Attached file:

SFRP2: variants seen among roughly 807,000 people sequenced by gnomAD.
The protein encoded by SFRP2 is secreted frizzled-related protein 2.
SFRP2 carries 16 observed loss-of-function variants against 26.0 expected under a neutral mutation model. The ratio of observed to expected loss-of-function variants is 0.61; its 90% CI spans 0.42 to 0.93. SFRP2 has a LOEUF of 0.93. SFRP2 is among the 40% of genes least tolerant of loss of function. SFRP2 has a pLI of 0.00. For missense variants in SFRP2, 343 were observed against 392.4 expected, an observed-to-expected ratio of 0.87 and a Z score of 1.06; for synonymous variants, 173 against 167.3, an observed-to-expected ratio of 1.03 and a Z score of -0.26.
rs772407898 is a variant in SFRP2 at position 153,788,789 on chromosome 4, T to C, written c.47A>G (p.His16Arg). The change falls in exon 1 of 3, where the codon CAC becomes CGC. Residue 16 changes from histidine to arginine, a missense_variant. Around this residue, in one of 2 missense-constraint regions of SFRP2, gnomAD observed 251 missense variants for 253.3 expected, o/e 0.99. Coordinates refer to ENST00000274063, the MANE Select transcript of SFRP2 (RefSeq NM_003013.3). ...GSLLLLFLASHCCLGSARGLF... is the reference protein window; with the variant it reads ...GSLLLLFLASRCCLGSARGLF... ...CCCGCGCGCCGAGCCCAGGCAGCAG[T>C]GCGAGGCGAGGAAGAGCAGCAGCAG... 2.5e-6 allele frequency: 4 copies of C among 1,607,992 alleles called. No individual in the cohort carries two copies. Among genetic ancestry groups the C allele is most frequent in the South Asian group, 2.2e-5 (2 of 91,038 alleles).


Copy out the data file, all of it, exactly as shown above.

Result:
SFRP2: variants seen among roughly 807,000 people sequenced by gnomAD.
The protein encoded by SFRP2 is secreted frizzled-related protein 2.
SFRP2 carries 16 observed loss-of-function variants against 26.0 expected under a neutral mutation model. The ratio of observed to expected loss-of-function variants is 0.61; its 90% CI spans 0.42 to 0.93. SFRP2 has a LOEUF of 0.93. SFRP2 is among the 40% of genes least tolerant of loss of function. SFRP2 has a pLI of 0.00. For missense variants in SFRP2, 343 were observed against 392.4 expected, an observed-to-expected ratio of 0.87 and a Z score of 1.06; for synonymous variants, 173 against 167.3, an observed-to-expected ratio of 1.03 and a Z score of -0.26.
rs772407898 is a variant in SFRP2 at position 153,788,789 on chromosome 4, T to C, written c.47A>G (p.His16Arg). The change falls in exon 1 of 3, where the codon CAC becomes CGC. Residue 16 changes from histidine to arginine, a missense_variant. Around this residue, in one of 2 missense-constraint regions of SFRP2, gnomAD observed 251 missense variants for 253.3 expected, o/e 0.99. Coordinates refer to ENST00000274063, the MANE Select transcript of SFRP2 (RefSeq NM_003013.3). ...GSLLLLFLASHCCLGSARGLF... is the reference protein window; with the variant it reads ...GSLLLLFLASRCCLGSARGLF... ...CCCGCGCGCCGAGCCCAGGCAGCAG[T>C]GCGAGGCGAGGAAGAGCAGCAGCAG... 2.5e-6 allele frequency: 4 copies of C among 1,607,992 alleles called. No individual in the cohort carries two copies. Among genetic ancestry groups the C allele is most frequent in the South Asian group, 2.2e-5 (2 of 91,038 alleles).